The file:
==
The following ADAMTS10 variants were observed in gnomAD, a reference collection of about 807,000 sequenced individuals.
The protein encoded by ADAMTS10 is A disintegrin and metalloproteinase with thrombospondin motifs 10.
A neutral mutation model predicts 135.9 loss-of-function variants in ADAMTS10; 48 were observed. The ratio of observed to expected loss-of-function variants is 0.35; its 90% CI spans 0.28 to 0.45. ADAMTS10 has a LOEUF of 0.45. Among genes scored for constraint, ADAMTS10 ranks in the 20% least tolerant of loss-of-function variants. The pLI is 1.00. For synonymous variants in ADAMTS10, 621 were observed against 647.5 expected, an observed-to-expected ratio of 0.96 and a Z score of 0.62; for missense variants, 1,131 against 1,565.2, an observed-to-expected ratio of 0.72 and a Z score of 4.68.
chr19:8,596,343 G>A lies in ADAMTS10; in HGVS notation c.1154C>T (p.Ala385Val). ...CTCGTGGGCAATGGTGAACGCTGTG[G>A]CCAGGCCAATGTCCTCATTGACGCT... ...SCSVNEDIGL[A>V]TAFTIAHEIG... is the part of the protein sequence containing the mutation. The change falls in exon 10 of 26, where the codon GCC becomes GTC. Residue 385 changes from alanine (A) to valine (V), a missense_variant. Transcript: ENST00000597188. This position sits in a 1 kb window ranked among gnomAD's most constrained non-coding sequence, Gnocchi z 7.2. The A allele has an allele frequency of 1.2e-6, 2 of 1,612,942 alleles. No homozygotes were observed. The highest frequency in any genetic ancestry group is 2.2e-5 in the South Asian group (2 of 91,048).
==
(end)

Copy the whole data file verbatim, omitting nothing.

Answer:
The following ADAMTS10 variants were observed in gnomAD, a reference collection of about 807,000 sequenced individuals.
The protein encoded by ADAMTS10 is A disintegrin and metalloproteinase with thrombospondin motifs 10.
A neutral mutation model predicts 135.9 loss-of-function variants in ADAMTS10; 48 were observed. The ratio of observed to expected loss-of-function variants is 0.35; its 90% CI spans 0.28 to 0.45. ADAMTS10 has a LOEUF of 0.45. Among genes scored for constraint, ADAMTS10 ranks in the 20% least tolerant of loss-of-function variants. The pLI is 1.00. For synonymous variants in ADAMTS10, 621 were observed against 647.5 expected, an observed-to-expected ratio of 0.96 and a Z score of 0.62; for missense variants, 1,131 against 1,565.2, an observed-to-expected ratio of 0.72 and a Z score of 4.68.
chr19:8,596,343 G>A lies in ADAMTS10; in HGVS notation c.1154C>T (p.Ala385Val). ...CTCGTGGGCAATGGTGAACGCTGTG[G>A]CCAGGCCAATGTCCTCATTGACGCT... ...SCSVNEDIGL[A>V]TAFTIAHEIG... is the part of the protein sequence containing the mutation. The change falls in exon 10 of 26, where the codon GCC becomes GTC. Residue 385 changes from alanine (A) to valine (V), a missense_variant. Transcript: ENST00000597188. This position sits in a 1 kb window ranked among gnomAD's most constrained non-coding sequence, Gnocchi z 7.2. The A allele has an allele frequency of 1.2e-6, 2 of 1,612,942 alleles. No homozygotes were observed. The highest frequency in any genetic ancestry group is 2.2e-5 in the South Asian group (2 of 91,048).